“You fight against robots in approximately 27.3% of your hero-related battles,” Lamar says. “It’s highly likely you’ll have to do so many times in the future.”
“I know… Ugh, don’t remind me. Hey, by the way, I guess you and your AI are doing a lot better now, if you can pull out random facts out of your ass like that.”
“It’s serving me a lot better,” Lamar says. He takes the now-too-wet-to-use towel and motions for another one. I hand it over. “I can still feel it sometimes, creeping up against my consciousness, trying to gain control at any moment when I’m not ready for it. But lately, it and I have been doing pretty well together.”
“You basically have superpowers at this point,” I say, pointing to all the scraps of junk bots littered across the ground. “What need will there be for a Morgan Harding when a Lamar Gwinnett takes charge?”
Lamar rolls his eyes. “Stop being so humble. I can increase my adrenaline and dull my pain receptors, but my body’s still just human. You’re the one with the actual superpowers.”
“Maybe. But… I still think it’s really cool what you can do. So cool that I think we should celebrate!”
“Who’s celebrating now?” a voice from behind us asks.
We turn around. A tall Black woman with poofy hair and sharp eyes approaches. She’s wearing nothing more than a thin tanktop and short shorts—I guess beating the heat means being basically naked sometimes—and for some reason has a long staff holstered to her back. And boy, the muscles on this woman.
“Oh, uh, hi,” I say.
The woman looks at Lamar. “Who’s twiggy?”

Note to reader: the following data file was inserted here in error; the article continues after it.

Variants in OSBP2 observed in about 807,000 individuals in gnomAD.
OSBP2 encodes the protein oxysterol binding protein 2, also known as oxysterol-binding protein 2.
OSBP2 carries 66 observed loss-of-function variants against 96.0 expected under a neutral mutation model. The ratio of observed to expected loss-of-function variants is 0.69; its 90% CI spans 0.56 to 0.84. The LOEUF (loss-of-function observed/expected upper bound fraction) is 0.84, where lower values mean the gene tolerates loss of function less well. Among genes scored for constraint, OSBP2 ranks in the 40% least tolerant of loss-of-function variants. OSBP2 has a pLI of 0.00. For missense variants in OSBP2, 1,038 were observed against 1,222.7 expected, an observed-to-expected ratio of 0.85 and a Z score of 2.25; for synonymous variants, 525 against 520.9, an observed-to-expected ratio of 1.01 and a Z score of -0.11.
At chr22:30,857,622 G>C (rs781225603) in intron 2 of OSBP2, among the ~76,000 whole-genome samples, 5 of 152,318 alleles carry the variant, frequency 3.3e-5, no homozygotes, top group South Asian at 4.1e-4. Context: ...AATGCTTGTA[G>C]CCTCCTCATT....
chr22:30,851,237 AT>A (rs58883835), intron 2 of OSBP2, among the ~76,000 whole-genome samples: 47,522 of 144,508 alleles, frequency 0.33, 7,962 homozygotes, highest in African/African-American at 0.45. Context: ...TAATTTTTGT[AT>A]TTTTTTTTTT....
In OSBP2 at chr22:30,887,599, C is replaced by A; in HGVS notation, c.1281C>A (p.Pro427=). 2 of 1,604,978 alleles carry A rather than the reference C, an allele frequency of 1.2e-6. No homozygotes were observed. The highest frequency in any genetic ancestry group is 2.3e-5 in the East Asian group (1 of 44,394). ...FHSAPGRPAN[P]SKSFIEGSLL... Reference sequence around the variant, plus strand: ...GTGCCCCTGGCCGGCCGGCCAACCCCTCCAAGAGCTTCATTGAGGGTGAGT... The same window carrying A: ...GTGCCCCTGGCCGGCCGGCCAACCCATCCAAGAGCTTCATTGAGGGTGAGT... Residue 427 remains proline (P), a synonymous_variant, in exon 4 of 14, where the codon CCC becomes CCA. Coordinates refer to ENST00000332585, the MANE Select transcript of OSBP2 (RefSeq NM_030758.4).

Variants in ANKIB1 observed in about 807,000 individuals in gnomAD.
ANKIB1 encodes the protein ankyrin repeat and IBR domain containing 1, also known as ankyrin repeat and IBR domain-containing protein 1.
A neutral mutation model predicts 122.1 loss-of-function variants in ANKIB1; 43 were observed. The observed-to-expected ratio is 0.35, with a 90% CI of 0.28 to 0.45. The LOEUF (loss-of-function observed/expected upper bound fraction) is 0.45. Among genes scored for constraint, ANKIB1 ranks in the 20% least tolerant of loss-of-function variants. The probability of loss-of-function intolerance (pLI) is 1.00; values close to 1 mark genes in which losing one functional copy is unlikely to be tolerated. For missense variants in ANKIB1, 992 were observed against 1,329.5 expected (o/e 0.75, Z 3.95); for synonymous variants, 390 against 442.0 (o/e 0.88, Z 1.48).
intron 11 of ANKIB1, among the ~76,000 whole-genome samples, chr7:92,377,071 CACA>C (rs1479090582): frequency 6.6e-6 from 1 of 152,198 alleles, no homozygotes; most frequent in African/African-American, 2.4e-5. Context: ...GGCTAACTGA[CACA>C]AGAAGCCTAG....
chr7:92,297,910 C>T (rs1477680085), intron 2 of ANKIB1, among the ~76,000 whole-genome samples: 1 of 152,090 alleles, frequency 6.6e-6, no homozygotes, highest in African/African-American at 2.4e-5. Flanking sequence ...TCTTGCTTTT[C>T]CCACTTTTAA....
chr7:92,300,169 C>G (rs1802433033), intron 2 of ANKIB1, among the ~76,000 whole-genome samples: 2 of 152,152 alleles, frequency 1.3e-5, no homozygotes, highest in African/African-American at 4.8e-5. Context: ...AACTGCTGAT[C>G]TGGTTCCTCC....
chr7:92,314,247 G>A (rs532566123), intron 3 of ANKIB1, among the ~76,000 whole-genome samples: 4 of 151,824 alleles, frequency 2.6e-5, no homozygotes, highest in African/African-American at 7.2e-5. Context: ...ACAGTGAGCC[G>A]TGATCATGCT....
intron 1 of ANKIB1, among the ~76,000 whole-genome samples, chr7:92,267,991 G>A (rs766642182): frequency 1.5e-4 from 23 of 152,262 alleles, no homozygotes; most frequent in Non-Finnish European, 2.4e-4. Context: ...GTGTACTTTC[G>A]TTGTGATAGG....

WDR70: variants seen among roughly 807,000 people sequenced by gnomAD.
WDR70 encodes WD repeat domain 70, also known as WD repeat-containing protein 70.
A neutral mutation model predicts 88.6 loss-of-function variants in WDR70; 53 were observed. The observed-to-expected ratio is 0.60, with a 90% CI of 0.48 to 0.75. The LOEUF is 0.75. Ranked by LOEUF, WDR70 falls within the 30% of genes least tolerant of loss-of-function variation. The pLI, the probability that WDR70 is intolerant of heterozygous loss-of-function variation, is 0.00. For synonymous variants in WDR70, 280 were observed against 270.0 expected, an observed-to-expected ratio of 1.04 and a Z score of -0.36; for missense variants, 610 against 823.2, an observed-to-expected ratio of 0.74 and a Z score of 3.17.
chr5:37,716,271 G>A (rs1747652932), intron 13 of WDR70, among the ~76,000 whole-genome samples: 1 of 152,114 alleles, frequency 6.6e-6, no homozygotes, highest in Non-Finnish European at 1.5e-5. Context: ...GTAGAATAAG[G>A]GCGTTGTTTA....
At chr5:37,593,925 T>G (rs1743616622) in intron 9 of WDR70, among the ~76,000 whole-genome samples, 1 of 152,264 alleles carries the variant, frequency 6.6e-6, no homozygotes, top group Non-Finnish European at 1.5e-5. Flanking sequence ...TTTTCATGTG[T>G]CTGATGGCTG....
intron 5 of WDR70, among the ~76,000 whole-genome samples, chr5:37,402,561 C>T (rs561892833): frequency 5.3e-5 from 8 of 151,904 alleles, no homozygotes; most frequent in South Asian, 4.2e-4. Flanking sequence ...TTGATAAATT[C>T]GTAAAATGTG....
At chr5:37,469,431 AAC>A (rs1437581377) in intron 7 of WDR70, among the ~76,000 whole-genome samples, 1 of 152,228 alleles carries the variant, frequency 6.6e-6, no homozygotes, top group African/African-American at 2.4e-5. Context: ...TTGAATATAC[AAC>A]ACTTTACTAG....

Am I THAT scrawny?
“This is my friend Morgan Harding, Lamar tells her. “I’ve known them since we were kids.” He turns to me. “And this is my friend Claudia Ingraham. She works here at the junkyard, and she’s really strong.”
“Hey, I’m stronger than I look,” I whine.
She folds her arms together. “Wanna lose five bucks in an arm-wrestling contest?”
“I could totally—”
“Let’s leave it, Morgan,” Lamar interrupts, saving this Claudia woman from utter humiliation at the hands of my superior arm strength.
“Your session about over?” Claudia asks.
She peers over at the scrap heaps and gives a suspicious look. “You ain’t gonna stay for clean up, are you?”
“Not when I’m paying ten bucks an hour,” Lamar says with a smirk.
“Fair enough.” She steps up closer to the both of us and keeps her suspicious look. “You’re a mighty interesting guy, Lamar.”
They start talking really fast about various topics related to the junk bots and fighting them and different techniques they use in combat. This is all stuff I SHOULD know about, but because I am something of an ignoramus, it turns out I can’t follow at all. My brain is rattled.
The tension between them is palpable. Are these two… Nah, no way. Wait… Maybe… No, way. I’m not being racist, am I?
I mean, they are totally hitting it off extremely well. Like, so well that I feel like I’m a third wheel. I hate being the third wheel, especially when my childhood friend Lamar Gwinnett is one of the people sidelining me. I can’t stand for this!
“Hey, isn’t it time for us to go?” I ask.
“Oh yeah,” Claudia says, “what’s this I hear about a celebration?”
“We’re fixing to go out drinking!” I exclaim. “Me and Lamar are are cool like that and do cool stuff like drinking together all the time.”
Lamar sighs. “I don’t drink, Morgan. I hate it when we go drinking.”